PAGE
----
5 Ideas for Keeping Language Arts Skills Fresh Over Summer Break

Following on the heels of contributor Amy Anderson”s wonderful post on letter writing from Wednesday, here are five more ideas for keeping your child”s language arts skills fresh this Summer.

With a grin on her face, my eight year old declares, “Mooom, I ain”t gots nothing to do.” She does this on purpose, of course, knowing that her words will make me cringe as if she had scratched her fingernails down the chalkboard.

While I know she is speaking this way just to tease me, this does raise the issue of the potential for languishing language arts skills now that summer vacation is here.  She made such progress during the last school year, and I don”t want to see those skills fade over the break before school begins this fall.

Seeking to keep our language arts skills fresh and ready for the school year ahead, I”ve been making sure that certain activities and grammar exercises have been a part of our summer time fun.

Perhaps a few of these will be a hit with your little scribes as well.

1. Mad Libs

One of our favorite games for grammar and parts of speech review is Mad Libs. These books are available in a wide range of themes. There is even an iphone app and an now as this classic game adapts to these modern times.

Playing with a pencil and paper is still our favorite way to enjoy Mad Libs, and sometimes we don”t even use an official book, but make up our own.
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Create a Letter-Writing Kit for Kids

The following post is by contributor Amy Anderson of Let”s Explore.

Every day, my daughters excitedly walk to the mailbox and check to see if they received any letters. There is just something special about receiving a hand-written note in the mail. I love it, too!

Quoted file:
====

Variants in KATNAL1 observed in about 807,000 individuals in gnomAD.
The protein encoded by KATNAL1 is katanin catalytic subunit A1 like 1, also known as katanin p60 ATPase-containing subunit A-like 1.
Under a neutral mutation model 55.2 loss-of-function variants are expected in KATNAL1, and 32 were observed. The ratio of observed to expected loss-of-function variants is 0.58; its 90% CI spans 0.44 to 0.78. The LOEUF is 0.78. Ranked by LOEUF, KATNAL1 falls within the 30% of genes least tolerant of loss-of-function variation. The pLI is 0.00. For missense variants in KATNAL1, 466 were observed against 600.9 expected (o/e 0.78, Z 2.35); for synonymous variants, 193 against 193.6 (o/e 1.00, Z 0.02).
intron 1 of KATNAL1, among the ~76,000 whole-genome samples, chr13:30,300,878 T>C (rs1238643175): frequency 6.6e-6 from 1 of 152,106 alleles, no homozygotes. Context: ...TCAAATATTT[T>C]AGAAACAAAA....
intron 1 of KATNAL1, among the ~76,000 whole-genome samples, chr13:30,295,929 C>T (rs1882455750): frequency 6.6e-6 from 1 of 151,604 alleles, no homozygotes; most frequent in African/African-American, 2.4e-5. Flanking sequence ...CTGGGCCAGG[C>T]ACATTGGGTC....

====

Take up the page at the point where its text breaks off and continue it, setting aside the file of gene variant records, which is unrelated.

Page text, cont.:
Writing letters is a wonderful way to maintain connections with family and friends. And, letter-writing provides meaningful reading and writing practice.

To make letter-writing a regular part of our weekly routine, I put together a kit with all the supplies we need. Toddlers and preschoolers can use a kit like this alongside mom or dad, and older kids can develop independence with all the helpers and fun inspiration.

We keep our letter-writing kit in an inexpensive plastic envelope from the office supply store. I added a ribbon handle, just for fun. It”s portable, so the girls can take it to their desks, or we can throw it in the car when we”re heading out on vacation. A basket, caddy, or small suitcase would work as well.

Here is a peek at all the goodies in our letter-writing kit: [Read more…]

Straightening Out a Bumpy Day

The following post is by editor Kara Fleck. Portions of this article originally appeared in April 2010.

Having a bumpy day is what my swim coach used to call a very bad day. You know the ones: the days that start out a little tense and slide right down into miserable before we know exactly what went wrong. The days where all  the roads seems uphill and covered in potholes all day long.

When our kids our younger, these bumpy times can often be straightened out with a quick hug, a cuddle, and a bit of sympathy before the tears are dried and the next, happier, moment arrives.